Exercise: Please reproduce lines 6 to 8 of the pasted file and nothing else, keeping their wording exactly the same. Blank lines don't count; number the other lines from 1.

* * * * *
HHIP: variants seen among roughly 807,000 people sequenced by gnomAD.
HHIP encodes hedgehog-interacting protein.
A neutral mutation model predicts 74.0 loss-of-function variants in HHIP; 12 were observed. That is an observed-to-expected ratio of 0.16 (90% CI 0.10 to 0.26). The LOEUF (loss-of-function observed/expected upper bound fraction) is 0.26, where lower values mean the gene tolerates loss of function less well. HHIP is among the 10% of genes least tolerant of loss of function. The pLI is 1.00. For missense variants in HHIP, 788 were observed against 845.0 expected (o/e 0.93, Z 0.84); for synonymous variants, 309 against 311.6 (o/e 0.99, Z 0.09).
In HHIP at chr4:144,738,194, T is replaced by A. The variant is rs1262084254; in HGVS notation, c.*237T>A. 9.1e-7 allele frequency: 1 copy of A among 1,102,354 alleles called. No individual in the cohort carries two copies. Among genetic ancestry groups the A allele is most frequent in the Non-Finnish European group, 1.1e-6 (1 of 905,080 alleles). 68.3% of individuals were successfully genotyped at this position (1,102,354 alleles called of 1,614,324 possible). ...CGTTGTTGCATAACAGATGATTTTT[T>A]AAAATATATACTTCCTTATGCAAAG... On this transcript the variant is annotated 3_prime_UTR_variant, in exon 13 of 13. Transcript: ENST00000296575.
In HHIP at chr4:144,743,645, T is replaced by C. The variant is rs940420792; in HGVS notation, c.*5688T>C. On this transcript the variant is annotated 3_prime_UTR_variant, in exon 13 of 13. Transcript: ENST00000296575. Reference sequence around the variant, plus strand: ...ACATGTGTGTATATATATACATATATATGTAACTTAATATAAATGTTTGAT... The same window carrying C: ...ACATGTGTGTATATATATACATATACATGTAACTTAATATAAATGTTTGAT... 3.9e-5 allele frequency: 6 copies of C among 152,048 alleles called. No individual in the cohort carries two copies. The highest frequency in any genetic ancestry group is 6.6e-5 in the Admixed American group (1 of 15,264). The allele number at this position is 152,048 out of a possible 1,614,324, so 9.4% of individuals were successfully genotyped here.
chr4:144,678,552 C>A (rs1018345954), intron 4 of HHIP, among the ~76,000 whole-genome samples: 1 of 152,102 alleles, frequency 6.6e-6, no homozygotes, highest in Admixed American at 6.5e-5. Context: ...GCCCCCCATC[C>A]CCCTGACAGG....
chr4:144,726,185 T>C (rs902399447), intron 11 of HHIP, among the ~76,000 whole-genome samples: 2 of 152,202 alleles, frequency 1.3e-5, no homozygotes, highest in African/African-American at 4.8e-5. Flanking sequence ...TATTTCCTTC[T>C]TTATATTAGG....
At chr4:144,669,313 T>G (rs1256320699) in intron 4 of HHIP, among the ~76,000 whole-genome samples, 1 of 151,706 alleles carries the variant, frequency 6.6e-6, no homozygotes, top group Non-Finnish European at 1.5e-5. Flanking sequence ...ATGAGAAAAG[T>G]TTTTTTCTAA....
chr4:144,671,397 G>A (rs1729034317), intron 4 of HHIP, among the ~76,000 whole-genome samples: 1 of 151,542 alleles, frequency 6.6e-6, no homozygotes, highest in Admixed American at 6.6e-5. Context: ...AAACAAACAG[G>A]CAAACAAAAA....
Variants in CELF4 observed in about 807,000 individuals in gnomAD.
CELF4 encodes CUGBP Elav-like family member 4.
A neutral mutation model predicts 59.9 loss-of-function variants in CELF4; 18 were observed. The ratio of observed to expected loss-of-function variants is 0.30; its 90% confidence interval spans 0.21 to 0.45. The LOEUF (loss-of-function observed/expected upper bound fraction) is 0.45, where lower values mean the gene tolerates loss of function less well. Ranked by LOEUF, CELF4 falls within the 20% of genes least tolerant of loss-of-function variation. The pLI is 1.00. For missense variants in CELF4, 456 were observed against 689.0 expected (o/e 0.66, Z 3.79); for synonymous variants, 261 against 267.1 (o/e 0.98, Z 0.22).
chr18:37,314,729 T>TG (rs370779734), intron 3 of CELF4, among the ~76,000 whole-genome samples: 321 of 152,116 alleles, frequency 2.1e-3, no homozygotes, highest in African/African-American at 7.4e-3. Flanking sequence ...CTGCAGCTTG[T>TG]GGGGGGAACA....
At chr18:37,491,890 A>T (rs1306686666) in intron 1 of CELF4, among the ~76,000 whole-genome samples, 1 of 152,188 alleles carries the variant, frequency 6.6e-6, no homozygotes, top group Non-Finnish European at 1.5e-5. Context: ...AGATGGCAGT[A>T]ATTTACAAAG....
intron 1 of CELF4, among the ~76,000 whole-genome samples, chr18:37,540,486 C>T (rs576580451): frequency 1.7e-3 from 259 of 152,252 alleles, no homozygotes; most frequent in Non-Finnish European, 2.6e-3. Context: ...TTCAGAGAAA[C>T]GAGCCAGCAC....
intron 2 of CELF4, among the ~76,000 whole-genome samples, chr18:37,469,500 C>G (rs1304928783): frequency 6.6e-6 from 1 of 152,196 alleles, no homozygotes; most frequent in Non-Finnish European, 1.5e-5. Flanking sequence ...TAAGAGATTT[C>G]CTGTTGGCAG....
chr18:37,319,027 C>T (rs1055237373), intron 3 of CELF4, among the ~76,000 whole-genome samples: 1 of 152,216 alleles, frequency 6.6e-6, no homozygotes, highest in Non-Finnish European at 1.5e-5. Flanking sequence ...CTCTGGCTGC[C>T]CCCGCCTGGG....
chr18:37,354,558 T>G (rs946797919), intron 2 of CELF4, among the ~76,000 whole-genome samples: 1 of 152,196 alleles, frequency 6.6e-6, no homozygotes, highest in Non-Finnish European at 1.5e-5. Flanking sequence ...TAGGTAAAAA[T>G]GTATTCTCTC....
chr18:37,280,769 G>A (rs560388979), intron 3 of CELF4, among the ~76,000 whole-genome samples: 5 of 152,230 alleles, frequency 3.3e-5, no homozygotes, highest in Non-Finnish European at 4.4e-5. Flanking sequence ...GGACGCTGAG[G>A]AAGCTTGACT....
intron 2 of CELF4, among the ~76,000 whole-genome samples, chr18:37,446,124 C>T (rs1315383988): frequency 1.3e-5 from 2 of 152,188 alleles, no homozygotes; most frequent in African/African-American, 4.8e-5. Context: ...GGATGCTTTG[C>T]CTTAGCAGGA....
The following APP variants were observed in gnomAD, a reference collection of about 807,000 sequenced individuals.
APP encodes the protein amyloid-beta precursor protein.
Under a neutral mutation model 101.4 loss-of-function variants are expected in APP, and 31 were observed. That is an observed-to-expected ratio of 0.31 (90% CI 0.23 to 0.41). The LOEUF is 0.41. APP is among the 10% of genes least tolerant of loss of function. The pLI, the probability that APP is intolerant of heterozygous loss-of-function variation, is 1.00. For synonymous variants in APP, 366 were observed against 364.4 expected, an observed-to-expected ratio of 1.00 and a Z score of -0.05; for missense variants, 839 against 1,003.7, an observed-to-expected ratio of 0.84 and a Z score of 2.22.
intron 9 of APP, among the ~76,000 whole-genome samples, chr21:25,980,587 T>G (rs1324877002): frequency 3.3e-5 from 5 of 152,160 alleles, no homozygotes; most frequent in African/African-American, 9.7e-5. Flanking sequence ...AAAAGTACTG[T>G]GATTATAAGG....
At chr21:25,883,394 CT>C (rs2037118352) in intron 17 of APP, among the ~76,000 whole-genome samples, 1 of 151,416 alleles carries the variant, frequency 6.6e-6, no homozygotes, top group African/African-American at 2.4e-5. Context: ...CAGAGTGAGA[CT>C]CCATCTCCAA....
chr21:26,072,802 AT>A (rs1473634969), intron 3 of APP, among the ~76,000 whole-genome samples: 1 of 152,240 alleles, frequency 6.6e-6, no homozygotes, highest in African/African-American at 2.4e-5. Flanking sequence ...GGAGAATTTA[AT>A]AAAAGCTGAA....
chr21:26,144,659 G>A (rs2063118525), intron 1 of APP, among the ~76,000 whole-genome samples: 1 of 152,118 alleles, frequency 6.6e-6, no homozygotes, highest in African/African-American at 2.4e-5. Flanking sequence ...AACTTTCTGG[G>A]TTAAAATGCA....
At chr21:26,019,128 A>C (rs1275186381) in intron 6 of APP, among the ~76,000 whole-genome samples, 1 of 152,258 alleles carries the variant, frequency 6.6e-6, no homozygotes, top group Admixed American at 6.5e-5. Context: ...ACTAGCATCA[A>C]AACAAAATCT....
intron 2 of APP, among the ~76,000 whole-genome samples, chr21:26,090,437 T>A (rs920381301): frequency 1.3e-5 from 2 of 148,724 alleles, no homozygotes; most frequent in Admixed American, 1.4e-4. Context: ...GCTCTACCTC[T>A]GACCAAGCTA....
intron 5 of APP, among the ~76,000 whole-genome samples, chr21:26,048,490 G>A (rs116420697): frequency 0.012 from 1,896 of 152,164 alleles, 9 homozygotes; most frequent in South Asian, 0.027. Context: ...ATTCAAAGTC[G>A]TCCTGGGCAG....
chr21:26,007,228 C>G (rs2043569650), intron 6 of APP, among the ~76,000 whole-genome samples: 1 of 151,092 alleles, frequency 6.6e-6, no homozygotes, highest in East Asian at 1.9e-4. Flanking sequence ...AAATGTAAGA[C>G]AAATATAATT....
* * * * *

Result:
chr4:144,678,552 C>A (rs1018345954), intron 4 of HHIP, among the ~76,000 whole-genome samples: 1 of 152,102 alleles, frequency 6.6e-6, no homozygotes, highest in Admixed American at 6.5e-5. Context: ...GCCCCCCATC[C>A]CCCTGACAGG....
chr4:144,726,185 T>C (rs902399447), intron 11 of HHIP, among the ~76,000 whole-genome samples: 2 of 152,202 alleles, frequency 1.3e-5, no homozygotes, highest in African/African-American at 4.8e-5. Flanking sequence ...TATTTCCTTC[T>C]TTATATTAGG....
At chr4:144,669,313 T>G (rs1256320699) in intron 4 of HHIP, among the ~76,000 whole-genome samples, 1 of 151,706 alleles carries the variant, frequency 6.6e-6, no homozygotes, top group Non-Finnish European at 1.5e-5. Flanking sequence ...ATGAGAAAAG[T>G]TTTTTTCTAA....